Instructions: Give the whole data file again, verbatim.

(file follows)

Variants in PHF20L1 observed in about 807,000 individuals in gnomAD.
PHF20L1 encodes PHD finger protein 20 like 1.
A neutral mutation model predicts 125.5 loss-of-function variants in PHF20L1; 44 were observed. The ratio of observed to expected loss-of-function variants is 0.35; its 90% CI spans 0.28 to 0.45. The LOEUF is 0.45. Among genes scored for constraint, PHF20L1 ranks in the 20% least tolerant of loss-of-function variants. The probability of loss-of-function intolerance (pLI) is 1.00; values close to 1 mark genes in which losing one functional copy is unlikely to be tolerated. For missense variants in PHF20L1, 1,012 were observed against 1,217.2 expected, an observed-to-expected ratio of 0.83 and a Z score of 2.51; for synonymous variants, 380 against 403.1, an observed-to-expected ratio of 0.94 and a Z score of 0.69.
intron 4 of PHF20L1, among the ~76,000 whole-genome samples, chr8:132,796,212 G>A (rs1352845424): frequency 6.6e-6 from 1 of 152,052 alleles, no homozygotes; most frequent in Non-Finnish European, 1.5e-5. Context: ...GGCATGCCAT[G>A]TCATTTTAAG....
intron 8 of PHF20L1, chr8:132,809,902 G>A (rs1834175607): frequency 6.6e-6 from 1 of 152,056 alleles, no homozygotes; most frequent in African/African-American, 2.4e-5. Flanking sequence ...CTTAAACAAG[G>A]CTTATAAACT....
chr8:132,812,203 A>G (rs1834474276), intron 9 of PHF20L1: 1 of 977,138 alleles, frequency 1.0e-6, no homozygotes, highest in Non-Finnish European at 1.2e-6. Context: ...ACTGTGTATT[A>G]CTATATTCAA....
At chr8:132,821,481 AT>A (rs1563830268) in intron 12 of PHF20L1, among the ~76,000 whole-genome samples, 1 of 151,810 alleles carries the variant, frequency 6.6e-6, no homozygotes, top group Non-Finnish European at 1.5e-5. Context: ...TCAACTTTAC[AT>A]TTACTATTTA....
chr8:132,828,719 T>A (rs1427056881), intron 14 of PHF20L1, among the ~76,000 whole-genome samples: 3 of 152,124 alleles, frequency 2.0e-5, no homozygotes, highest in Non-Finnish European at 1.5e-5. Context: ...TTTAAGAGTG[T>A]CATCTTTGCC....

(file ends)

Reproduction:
Variants in PHF20L1 observed in about 807,000 individuals in gnomAD.
PHF20L1 encodes PHD finger protein 20 like 1.
A neutral mutation model predicts 125.5 loss-of-function variants in PHF20L1; 44 were observed. The ratio of observed to expected loss-of-function variants is 0.35; its 90% CI spans 0.28 to 0.45. The LOEUF is 0.45. Among genes scored for constraint, PHF20L1 ranks in the 20% least tolerant of loss-of-function variants. The probability of loss-of-function intolerance (pLI) is 1.00; values close to 1 mark genes in which losing one functional copy is unlikely to be tolerated. For missense variants in PHF20L1, 1,012 were observed against 1,217.2 expected, an observed-to-expected ratio of 0.83 and a Z score of 2.51; for synonymous variants, 380 against 403.1, an observed-to-expected ratio of 0.94 and a Z score of 0.69.
intron 4 of PHF20L1, among the ~76,000 whole-genome samples, chr8:132,796,212 G>A (rs1352845424): frequency 6.6e-6 from 1 of 152,052 alleles, no homozygotes; most frequent in Non-Finnish European, 1.5e-5. Context: ...GGCATGCCAT[G>A]TCATTTTAAG....
intron 8 of PHF20L1, chr8:132,809,902 G>A (rs1834175607): frequency 6.6e-6 from 1 of 152,056 alleles, no homozygotes; most frequent in African/African-American, 2.4e-5. Flanking sequence ...CTTAAACAAG[G>A]CTTATAAACT....
chr8:132,812,203 A>G (rs1834474276), intron 9 of PHF20L1: 1 of 977,138 alleles, frequency 1.0e-6, no homozygotes, highest in Non-Finnish European at 1.2e-6. Context: ...ACTGTGTATT[A>G]CTATATTCAA....
At chr8:132,821,481 AT>A (rs1563830268) in intron 12 of PHF20L1, among the ~76,000 whole-genome samples, 1 of 151,810 alleles carries the variant, frequency 6.6e-6, no homozygotes, top group Non-Finnish European at 1.5e-5. Context: ...TCAACTTTAC[AT>A]TTACTATTTA....
chr8:132,828,719 T>A (rs1427056881), intron 14 of PHF20L1, among the ~76,000 whole-genome samples: 3 of 152,124 alleles, frequency 2.0e-5, no homozygotes, highest in Non-Finnish European at 1.5e-5. Context: ...TTTAAGAGTG[T>A]CATCTTTGCC....